A Worthy Investment
Updated: Jun 17, 2019
That was our philosophy when we decided to move to San Francisco. There was so much to digest, moving across the country. We were perpetually confused by people giving highways titles, like "The 5" instead of just Route 5. We followed the crowds into restaurants and donut shops assuming they must know what is tasty. We overspent on everything because we had yet to find the stores we preferred or the better dry cleaners. We started jobs and school and moved into a home - and we knew not a soul. So we decided from the get-go to just say YES. If we were approached about doing something, if an activity was happening in town, if someone wanted to have a play date, we would just say yes. And that is hard to do when you really don't feel like doing anything except unpack your kitchen. And it was even harder when the invitation came from someone we were fairly certain we just wouldn't be friends with for whatever reason - lifestyle, priorities, eating habits....there are lots of things that interfere with making new connections, so of course we were expecting all of that and more. But we just said yes.
Rosh Hashana arrived only a day after our moving truck. We forced ourselves to go to the local synagogue for services, being true to our word from the beginning, tentative about our attire and our newness. We don't usually attend services but we "said yes" and went anyway. The rabbi spoke eloquently about reflecting on the last year and what lay ahead for those willing to try. And so it began.
Yes to Rosh Hashana services. I was tearful, uncomfortable and so broken.
Yes to volunteering at the school library. The librarian was a little salty to me.
Yes to the annual Pet Parade. We don't even have a pet and my son is allergic.
Yes to a play date. Our kids ignored each other in uncomfortable silence at the park.
Yes to a family dinner. We were welcomed but on the fringe of most conversations.
It was not easy. Aside from being exhausted from always being on the go, I was not thrilled about having to show up. And talk. And smile. And pretend that I was happy. And basically attempt to prove that I was a pretty cool person who was desperately searching for my people and my place and just a few good friends.
And then a funny thing happened. Our initial investments into getting ourselves out there started to pay off, and multiply. That silly pet parade? A couple we met there invited us out for drinks in the city. We enjoyed their friendship and company for years until they moved back east. The family dinner opened up a network of close and kind parents that I perpetually encountered at the elementary school. We shared babysitters and parenting tips. I even found out that people don't really use dry cleaners out here - just wear your leggings and hoodies and call it a day. I never ended up volunteering in the library, but the friendly lady who was also there with her young son invited me for a walk, and then playtime, and now 5 years later, she stands as one of my dearest friends in the world.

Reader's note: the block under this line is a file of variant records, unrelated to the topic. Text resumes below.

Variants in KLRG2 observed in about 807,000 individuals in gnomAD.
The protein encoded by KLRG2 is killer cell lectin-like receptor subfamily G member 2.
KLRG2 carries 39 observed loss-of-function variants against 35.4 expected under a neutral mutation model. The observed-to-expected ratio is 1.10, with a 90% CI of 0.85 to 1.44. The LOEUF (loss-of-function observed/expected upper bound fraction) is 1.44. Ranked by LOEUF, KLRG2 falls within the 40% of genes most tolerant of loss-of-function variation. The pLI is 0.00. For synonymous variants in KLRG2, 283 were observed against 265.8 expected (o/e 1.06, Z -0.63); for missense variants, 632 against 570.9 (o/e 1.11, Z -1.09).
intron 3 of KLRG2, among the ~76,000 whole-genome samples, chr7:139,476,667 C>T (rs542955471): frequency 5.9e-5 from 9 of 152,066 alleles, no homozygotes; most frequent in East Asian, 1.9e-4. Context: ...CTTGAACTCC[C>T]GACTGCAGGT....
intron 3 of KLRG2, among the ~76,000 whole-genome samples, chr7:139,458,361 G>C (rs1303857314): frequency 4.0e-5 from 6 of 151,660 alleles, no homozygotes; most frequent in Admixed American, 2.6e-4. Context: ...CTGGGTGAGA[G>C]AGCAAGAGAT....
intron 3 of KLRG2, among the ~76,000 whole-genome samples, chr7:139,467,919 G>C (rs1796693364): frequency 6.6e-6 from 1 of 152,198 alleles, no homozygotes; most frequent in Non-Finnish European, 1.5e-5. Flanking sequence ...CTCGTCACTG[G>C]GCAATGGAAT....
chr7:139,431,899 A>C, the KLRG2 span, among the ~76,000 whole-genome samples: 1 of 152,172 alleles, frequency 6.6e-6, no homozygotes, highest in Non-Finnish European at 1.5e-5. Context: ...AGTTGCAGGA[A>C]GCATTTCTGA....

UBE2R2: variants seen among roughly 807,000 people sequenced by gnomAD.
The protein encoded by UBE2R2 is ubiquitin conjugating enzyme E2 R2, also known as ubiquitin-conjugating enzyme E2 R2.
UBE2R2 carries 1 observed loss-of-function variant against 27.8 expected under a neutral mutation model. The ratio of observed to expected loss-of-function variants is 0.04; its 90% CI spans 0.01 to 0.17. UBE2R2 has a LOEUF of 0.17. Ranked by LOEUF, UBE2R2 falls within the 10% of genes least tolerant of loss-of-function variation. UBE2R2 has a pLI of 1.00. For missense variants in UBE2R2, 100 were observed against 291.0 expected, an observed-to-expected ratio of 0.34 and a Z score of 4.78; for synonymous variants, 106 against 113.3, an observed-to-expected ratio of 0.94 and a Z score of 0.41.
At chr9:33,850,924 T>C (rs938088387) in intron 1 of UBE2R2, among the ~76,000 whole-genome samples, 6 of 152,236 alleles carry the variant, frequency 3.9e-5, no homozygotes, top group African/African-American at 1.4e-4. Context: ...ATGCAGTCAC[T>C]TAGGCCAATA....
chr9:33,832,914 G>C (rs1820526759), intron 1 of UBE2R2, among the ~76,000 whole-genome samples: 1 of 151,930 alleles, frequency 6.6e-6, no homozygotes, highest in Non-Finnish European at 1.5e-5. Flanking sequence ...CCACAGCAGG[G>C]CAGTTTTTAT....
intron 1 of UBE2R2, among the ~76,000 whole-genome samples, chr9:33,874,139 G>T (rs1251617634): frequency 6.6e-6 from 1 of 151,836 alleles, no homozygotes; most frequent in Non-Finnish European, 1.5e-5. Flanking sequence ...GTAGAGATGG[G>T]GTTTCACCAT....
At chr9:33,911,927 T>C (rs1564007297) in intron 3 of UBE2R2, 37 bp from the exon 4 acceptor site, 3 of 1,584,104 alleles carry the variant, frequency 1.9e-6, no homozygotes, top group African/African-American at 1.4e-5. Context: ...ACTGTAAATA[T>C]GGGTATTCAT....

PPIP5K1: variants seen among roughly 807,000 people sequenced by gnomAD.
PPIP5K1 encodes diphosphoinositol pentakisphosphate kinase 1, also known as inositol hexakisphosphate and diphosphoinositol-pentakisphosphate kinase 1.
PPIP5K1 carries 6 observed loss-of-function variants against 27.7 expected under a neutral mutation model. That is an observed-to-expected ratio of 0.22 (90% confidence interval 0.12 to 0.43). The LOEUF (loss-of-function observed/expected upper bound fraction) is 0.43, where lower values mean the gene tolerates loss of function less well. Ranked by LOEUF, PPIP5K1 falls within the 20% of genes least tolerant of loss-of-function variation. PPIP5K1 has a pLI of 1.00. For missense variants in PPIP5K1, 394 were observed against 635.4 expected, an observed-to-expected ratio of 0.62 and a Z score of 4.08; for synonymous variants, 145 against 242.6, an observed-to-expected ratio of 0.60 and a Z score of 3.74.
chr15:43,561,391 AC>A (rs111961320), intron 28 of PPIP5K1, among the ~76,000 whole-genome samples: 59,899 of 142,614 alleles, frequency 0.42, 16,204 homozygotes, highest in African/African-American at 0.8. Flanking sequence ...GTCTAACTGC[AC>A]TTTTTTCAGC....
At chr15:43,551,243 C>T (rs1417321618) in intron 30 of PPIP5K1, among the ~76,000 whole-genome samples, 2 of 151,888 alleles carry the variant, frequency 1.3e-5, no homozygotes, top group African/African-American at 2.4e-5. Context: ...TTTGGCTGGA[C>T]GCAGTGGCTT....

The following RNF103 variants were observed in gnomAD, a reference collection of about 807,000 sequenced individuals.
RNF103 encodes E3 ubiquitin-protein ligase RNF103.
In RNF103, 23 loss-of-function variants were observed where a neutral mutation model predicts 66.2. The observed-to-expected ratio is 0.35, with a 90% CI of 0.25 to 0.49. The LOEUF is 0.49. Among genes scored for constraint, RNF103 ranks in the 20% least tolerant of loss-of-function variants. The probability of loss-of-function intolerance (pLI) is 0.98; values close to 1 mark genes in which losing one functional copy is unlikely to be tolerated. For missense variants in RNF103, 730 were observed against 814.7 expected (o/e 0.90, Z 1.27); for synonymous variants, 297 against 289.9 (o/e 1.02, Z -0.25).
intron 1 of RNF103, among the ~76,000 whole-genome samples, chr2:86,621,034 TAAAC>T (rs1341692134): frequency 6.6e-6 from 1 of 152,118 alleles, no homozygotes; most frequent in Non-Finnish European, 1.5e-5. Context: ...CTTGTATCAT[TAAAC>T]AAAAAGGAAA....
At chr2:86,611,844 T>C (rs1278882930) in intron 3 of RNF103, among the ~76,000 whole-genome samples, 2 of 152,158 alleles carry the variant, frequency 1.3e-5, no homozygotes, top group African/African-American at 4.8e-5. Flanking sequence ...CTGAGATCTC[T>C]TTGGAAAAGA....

I cried through that Rosh Hashana service. I remember feeling so displaced and so angry that I had made a deal to say "yes" when I just wanted to go back to Virginia. During the service, the lady in front of me surely saw my teary eyes. After services she chatted to me about what a lovely parish I was standing in, and noticing my toddler, encouraged me to check out the associated preschool. The very next day I did. My daughter attended that preschool for 3 wonderful years. I volunteered for the book fair, and made latkes for the class parties, and served on the board, and made friends that I still enjoy the company of today. One thing led to another. One "yes" led to a myriad of opportunities and success, for myself and for my family.
That is not to say that every interaction or experience resulted in something awesome. We have had many play dates and dinners, volunteer events and work parties, many of which we agreed were "not our jam" and we have walked away without feeling enriched. But we never walked away feeling like we lost anything, because hands down, we have gained more over time than we have lost. Each "yes" from us was really a "yes" to ourselves - a confirmation that we get to control what is going to happen to us here in a new place. We are going to make the decisions that will lead us to friends and places that we love. We are going to be the catalyst for turning our lonely new residence into a place that we can call home. Saying "yes" was our investment. And everything we love and experience now is the return.
It seems like saying yes is a much safer bet than the stock market. Ups and downs are less dramatic and the end result is always more than what you started with. It is really an investment in yourself. It challenges you to show up and to be seen. It allows you the opportunity to be heard. It gives you the doors to open and choose to go through. And walking through those doors that we found, slowly but surely, is an investment I'll be taking with me to the bank, every single day.